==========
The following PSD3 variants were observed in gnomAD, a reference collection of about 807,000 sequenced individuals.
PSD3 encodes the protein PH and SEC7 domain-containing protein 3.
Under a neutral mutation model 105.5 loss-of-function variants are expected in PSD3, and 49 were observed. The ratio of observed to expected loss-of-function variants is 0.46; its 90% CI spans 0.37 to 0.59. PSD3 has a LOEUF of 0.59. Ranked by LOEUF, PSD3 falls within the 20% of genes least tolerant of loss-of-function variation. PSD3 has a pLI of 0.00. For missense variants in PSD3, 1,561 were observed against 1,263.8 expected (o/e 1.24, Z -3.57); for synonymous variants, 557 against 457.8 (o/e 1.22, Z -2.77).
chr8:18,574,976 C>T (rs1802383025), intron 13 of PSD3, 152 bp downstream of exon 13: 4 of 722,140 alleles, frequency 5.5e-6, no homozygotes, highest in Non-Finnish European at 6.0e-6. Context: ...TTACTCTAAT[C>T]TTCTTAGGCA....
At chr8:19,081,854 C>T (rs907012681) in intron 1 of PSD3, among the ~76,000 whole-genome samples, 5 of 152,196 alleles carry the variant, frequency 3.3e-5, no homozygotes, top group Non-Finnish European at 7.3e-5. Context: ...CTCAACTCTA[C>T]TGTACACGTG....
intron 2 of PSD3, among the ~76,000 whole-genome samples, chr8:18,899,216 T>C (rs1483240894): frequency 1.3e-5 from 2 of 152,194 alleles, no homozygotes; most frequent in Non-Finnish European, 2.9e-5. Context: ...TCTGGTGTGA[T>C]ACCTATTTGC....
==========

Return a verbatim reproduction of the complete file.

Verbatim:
The following PSD3 variants were observed in gnomAD, a reference collection of about 807,000 sequenced individuals.
PSD3 encodes the protein PH and SEC7 domain-containing protein 3.
Under a neutral mutation model 105.5 loss-of-function variants are expected in PSD3, and 49 were observed. The ratio of observed to expected loss-of-function variants is 0.46; its 90% CI spans 0.37 to 0.59. PSD3 has a LOEUF of 0.59. Ranked by LOEUF, PSD3 falls within the 20% of genes least tolerant of loss-of-function variation. PSD3 has a pLI of 0.00. For missense variants in PSD3, 1,561 were observed against 1,263.8 expected (o/e 1.24, Z -3.57); for synonymous variants, 557 against 457.8 (o/e 1.22, Z -2.77).
chr8:18,574,976 C>T (rs1802383025), intron 13 of PSD3, 152 bp downstream of exon 13: 4 of 722,140 alleles, frequency 5.5e-6, no homozygotes, highest in Non-Finnish European at 6.0e-6. Context: ...TTACTCTAAT[C>T]TTCTTAGGCA....
At chr8:19,081,854 C>T (rs907012681) in intron 1 of PSD3, among the ~76,000 whole-genome samples, 5 of 152,196 alleles carry the variant, frequency 3.3e-5, no homozygotes, top group Non-Finnish European at 7.3e-5. Context: ...CTCAACTCTA[C>T]TGTACACGTG....
intron 2 of PSD3, among the ~76,000 whole-genome samples, chr8:18,899,216 T>C (rs1483240894): frequency 1.3e-5 from 2 of 152,194 alleles, no homozygotes; most frequent in Non-Finnish European, 2.9e-5. Context: ...TCTGGTGTGA[T>C]ACCTATTTGC....